Remember to look around as well as up to maintain orientation, and avoid flying into a cliff, or another Pilot, or the ground.

Be very careful with the application of opposite brake to stop rotation as the risk of stalling or spinning is high.

A big cravat of this type may require a stall to shift it.

I believe the risk of losing control is high, so throwing the reserve should be an option at the fore of your mind.

The fold cravat asymmetric collapse.

I’d never heard about these until I experienced one, and didn’t correct it!

The only video I’ve seen is the one of Richard Meek’s incident with analysis by Malin Lobb.

In this type of asymmetric, a wing tip manages to snake in or fold underneath the wing and then become trapped between the lines.

On looking up, I believe the folded wing tip should be clearly visible pressed fairly neatly beneath the wing. In Richard’s case and my case, a very large section of wing was folded in.

It will cause a substantial drag on one side of the wing, so the priority is to stop the rotation. A high rotational spin or spiral is possible, with the possibility of blacking out due to High G forces.

I don’t know about small fold cravats, but in big ones, pumping  the brake will do nothing. You can’t use a big ear or the stabilo. There will be no big ear to pull!  Things may be very dynamic and you may be losing height fast.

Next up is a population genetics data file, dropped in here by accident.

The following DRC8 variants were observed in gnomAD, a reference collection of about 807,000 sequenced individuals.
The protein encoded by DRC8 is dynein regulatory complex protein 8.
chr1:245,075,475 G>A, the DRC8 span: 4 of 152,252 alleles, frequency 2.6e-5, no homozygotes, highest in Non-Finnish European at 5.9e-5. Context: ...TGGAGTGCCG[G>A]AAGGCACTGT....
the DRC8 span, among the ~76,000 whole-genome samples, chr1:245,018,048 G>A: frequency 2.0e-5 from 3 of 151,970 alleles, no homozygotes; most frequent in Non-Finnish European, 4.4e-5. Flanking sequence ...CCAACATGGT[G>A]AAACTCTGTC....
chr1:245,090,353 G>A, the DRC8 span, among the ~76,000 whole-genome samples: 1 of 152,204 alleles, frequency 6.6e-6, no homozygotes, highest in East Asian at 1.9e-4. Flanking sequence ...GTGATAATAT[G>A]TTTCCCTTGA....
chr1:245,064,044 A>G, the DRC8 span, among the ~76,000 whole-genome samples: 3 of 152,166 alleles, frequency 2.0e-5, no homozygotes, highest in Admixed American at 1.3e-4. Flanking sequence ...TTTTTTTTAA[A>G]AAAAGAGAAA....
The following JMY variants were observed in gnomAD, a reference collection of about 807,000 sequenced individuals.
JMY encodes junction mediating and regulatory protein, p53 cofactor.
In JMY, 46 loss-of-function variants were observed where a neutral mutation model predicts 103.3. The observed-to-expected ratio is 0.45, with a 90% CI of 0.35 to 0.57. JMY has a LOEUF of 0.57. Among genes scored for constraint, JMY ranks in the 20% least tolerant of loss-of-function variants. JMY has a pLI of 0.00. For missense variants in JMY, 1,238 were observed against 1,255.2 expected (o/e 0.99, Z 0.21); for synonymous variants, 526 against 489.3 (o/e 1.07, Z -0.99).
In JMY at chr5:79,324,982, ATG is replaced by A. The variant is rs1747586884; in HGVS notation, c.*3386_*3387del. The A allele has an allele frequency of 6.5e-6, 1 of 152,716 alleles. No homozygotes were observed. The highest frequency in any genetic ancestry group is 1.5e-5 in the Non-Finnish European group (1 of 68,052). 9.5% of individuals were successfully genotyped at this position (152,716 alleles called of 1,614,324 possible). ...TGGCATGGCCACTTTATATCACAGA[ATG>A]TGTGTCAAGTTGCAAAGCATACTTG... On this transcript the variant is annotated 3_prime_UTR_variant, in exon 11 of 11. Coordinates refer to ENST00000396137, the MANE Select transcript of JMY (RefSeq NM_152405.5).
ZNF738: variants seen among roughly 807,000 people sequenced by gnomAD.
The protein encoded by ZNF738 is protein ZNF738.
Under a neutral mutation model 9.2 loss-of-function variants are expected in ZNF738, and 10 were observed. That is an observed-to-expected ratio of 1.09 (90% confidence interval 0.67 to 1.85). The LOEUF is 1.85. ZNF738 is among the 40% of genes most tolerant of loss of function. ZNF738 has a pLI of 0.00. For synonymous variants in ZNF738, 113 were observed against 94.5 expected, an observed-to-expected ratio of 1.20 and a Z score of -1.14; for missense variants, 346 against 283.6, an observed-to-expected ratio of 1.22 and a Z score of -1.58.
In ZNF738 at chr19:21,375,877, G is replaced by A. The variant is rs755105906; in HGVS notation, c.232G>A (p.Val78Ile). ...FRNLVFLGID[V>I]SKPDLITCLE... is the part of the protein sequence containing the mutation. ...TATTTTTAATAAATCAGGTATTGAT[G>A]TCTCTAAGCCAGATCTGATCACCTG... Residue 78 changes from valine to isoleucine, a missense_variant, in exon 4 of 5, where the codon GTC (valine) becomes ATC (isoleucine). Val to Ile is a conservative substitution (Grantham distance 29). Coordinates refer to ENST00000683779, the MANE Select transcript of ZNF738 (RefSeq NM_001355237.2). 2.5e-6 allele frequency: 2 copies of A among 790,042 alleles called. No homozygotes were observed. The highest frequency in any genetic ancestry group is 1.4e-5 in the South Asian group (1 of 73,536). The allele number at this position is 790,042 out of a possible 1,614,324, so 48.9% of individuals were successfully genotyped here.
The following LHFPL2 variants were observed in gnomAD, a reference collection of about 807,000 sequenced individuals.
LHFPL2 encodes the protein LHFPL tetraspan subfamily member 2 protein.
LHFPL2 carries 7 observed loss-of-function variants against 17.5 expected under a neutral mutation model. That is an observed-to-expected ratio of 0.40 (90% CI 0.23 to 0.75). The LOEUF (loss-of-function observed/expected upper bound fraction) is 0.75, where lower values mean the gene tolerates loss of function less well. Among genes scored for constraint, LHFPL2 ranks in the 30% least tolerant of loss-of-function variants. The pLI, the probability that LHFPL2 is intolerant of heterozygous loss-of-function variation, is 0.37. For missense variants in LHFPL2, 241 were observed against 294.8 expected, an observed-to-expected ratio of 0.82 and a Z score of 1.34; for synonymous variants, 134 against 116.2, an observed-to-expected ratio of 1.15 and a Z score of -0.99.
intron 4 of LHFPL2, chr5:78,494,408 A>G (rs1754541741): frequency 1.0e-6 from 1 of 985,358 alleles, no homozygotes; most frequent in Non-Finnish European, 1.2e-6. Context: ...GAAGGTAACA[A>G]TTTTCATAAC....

The only solution is to back fly the wing by stalling or back spinning. These are advanced manoeuvres that can only be safely learned on an SIV course.

Throwing the reserve is a prime option.

The big lessons

If under 1000 feet AGL, spend a maximum of 5 seconds, or have one attempt, at fixing the problem, then DEPLOY THE RESERVE.

If under 1000 feet AGL and you don’t know what’s happening, or you’re starting to spin or spiral, DEPLOY  IMMEDIATELY.

Look up at the wing if there’s any disturbance. Even on a B. Don’t just go on feel like I did at first. As Richard says, “The turbulence is a warning that an issue might occur, giving the pilot an opportunity to  look at the wing and SEE the START of the collapse and prevent it.  You see a collapse earlier than you feel the consequences - it might only be 0.5 - 1.0 second but that's a lot when it comes to dealing with incidents”.